Have you ever seen these houses?
At Monday’s meeting, Prince George city council approved the first-ever residential additions to the Prince George Heritage Registry: the Pitman House on McBride Crescent and the Munro/Moffat House on Moffat Street.
The Munro/Moffat House was constructed at the corner of Moffat Street and Hammond Avenue in Prince George in 1914. At the time, this site was located in Central Fort George, a town site developed by George Hammond in 1910, three miles from South Fort George.
The house was constructed by Mr. John Munro who had travelled to South Fort George in 1910 to open the Bank of British North America. The log house has exterior characteristics of “Prairie Style” architecture, prominent in residential work in the 1910-1930 period both in Canada and the United States, with Frank Lloyd Wright being the main progenitor.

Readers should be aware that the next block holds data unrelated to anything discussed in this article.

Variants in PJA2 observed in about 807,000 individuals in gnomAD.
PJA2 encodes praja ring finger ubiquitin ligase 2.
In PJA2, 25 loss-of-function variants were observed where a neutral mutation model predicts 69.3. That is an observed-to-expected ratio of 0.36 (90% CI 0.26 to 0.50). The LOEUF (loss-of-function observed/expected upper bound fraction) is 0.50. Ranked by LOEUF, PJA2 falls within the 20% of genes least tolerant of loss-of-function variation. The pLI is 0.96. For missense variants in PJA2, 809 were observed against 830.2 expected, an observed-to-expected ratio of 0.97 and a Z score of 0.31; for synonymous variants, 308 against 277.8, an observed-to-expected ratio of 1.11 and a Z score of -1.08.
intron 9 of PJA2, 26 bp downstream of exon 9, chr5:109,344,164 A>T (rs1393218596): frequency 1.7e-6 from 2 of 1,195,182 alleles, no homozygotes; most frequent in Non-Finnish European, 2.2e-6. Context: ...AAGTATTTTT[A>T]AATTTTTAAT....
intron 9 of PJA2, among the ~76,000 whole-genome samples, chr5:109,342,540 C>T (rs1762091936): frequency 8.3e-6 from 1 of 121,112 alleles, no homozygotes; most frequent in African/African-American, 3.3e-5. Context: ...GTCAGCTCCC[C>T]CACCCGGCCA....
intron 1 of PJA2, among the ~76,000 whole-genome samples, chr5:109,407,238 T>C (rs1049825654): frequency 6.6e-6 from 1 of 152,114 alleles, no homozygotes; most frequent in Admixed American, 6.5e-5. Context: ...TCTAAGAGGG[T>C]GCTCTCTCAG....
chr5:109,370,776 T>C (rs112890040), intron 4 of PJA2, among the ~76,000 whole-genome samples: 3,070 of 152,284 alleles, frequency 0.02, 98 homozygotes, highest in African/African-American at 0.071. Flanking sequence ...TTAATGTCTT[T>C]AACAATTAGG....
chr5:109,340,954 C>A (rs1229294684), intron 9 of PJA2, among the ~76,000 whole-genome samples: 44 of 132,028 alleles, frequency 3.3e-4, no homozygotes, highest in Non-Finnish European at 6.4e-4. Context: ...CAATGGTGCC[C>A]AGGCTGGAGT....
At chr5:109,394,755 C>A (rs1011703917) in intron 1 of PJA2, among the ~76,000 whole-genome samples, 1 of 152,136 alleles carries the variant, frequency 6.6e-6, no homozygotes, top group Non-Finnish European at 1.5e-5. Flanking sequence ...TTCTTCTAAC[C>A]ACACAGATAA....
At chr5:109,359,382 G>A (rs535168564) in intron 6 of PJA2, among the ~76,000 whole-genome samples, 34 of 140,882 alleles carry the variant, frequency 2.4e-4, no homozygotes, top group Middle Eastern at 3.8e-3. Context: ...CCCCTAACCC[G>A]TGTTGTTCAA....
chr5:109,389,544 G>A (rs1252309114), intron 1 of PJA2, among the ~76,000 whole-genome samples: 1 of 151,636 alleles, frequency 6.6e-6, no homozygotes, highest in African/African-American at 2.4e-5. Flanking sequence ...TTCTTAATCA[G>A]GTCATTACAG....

The location of the Pitman House is in the prestigious Crescents Neighbourhood of the city. This neighbourhood was formulated in the 1913 Brett & Hall design for the Grand Trunk Pacific Railway community of Fort George. The Pitman site is at the north-east corner of 10th Avenue and McBride Crescent.
The Pitman House is a two-storey structure revealing similar characteristics to the Dutch Colonial style, which originated with the Dutch settlers in New York. In the 1920s and 1930s, this theme was one of several ethnic and classical revival styles which appeared in the Crescent area of Prince George, and over the nation.
These houses are the first additions to the Prince George Heritage Register since it was originally adopted in 2007.